In a future of work that works for everyone, society needs a reimagining of what true productivity and flexibility mean. If a working parent can still get their job done when they leave early to pick up the kids, then the workplace should accommodate accordingly. Maintaining and understanding work-life balance will have to be a priority for all managers.

An interesting demographic trend is that we’re very fortunate to live longer than our ancestors did. Pandemic times showed us how a great number of people already retired or not actively working are willing to go back to the workforce. This makes us reimagine how we do staffing and resourcing — especially for shift-based companies — why not take advantage of seniority and experience by offering an array of shifts that suit different types of workers in different stages of their life who fundamentally all want the same thing: to work.

What is your greatest source of optimism about the future of work?

I’m optimistic that increased flexibility and the ability to choose where and when to work will allow the future workforce to find opportunities that they are passionate about. Passionate and happy employees have been proven to skyrocket productivity. If employers can effectively incorporate transparency, employee wellness, and flexible scheduling, we will see a more engaged workforce and increased satisfaction in employers due to higher productivity levels.

Our collective mental health and wellbeing are now considered collateral as we consider the future of work. What innovative strategies do you see employers offering to help improve and optimize their employee’s mental health and wellbeing?

Employers are waking up to the fact that happy employees are more productive, and as we experience a cultural shift in the acknowledgment of mental health, employers are in a position to empower their workers to be their best selves. Encouraging authenticity in the workplace is a powerful tool to support employee health and well-being, in addition to offering wellness benefits that go beyond traditional health insurance, including mental health coverage, gym stipends and more. A good system in place to drive this transformation infuses these needs into part of the workplace culture.

It seems like there’s a new headline every day. ‘The Great Resignation’. ‘The Great Reconfiguration’. And now the ‘Great Reevaluation’. What are the most important messages leaders need to hear from these headlines? How do company cultures need to evolve?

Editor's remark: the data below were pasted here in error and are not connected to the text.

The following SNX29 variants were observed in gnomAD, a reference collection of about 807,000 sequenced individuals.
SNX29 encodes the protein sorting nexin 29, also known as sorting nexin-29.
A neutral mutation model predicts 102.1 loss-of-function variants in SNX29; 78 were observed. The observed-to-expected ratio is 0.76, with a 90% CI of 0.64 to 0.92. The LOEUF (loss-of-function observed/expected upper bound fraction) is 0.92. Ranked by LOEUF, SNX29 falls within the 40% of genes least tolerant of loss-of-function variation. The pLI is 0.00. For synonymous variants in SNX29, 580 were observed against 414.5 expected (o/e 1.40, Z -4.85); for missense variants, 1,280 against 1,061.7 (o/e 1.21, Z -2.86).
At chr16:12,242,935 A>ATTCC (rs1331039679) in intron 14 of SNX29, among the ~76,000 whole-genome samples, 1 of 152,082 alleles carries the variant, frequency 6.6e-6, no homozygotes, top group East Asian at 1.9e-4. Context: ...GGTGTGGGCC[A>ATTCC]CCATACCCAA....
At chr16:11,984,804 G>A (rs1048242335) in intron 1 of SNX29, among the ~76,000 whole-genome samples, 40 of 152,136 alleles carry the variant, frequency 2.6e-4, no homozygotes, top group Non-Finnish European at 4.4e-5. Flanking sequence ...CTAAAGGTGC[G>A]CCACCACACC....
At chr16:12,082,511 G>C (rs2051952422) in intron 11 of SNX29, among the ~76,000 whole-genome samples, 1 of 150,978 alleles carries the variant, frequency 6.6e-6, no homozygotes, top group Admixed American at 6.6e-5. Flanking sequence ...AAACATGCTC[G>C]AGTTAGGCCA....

Light is being shed on bad situations that for years we have embraced as simply part of being an adult. Technological advancements allow us to imagine a better workplace and reevaluate and speak up and put a term to something that was previously known as “not being happy at work”.

Leaders are finding out that employee loyalty doesn’t come as easily as it used to because workers are more likely to leave if they can find higher pay or better benefits elsewhere. Managers need to improve company cultures to make the workplace somewhere employees enjoy spending their time, not just a place they have to be in order to make ends meet. The more we focus on retention, the more we need to look in-depth at how our workplace thrives.

Let’s get more specific. What are your “Top 5 Trends To Track In the Future of Work?”

Simply building a better workplace is not sufficient for the future of work. The top five trends to track are:

  1. Much clearer job descriptions. If the worker knows exactly what has to be accomplished and the criteria for success then there’s a big chance that they will be happy at work if they succeed.
  2. Companies will start to pay more attention to setting workers up for success, for example prioritizing employee wellness and flexible scheduling.
  3. Companies will start to reward employees more often during the year according to what they’ve accomplished, such as company recognition events and increased opportunities for promotions.
  4. Workers will start to see the bigger picture — how their individual contributions play an important role in the company’s business objectives.
  5. Companies will pivot towards socially responsible objectives. Younger workers won’t be thrilled to work for a cigarette company — they value companies that do their part to make the world a better place.

I keep quotes on my desk and on scraps of paper to stay inspired. What’s your favorite “Life Lesson Quote”? And how has this quote shaped your perspective?

A quote that resonates with me quite a bit is “Successful people are not gifted; they just work hard and succeed on purpose,” — G.K. Nielson. I find deep inspiration from those who work hard as I do not believe it is luck or chance that individuals find success, but perseverance.

This outlook has shaped my perspective by allowing me to appreciate the many obstacles my business faces and embrace past failures as they are an opportunity to learn and improve future endeavors. I’ve come to prefer taking on challenges, as it tends to be the path to success.

We are very blessed that some of the biggest names in Business, VC funding, Sports, and Entertainment read this column. Is there a person in the world, or in the US, with whom you would love to have a private breakfast or lunch, and why? He, she, or they might just see this if we tag them.

Marc Andreessen, co-founder of VC firm Andreessen Horowitz. I would love to dig into his mind — he’s an exceptional entrepreneur and software engineer. Not only did he co-author the first widely used web browser (Mosaic) and several other companies, but he co-founded and led Silicon Valley venture capital firm Andreessen Horowitz to invest in some of the biggest name brands we know today, including SpaceX, Airbnb, Facebook, Twitter, and so many more.

It would be incredibly insightful to have a discussion with someone like Marc who has been so instrumental in the paradigm shift in the way people communicate today.

Our readers often like to continue the conversation with our featured interviewees. How can they best connect with you and stay current on what you’re discovering?

Thank you for sharing your insights and predictions. We appreciate the gift of your time and wish you continued success and good health.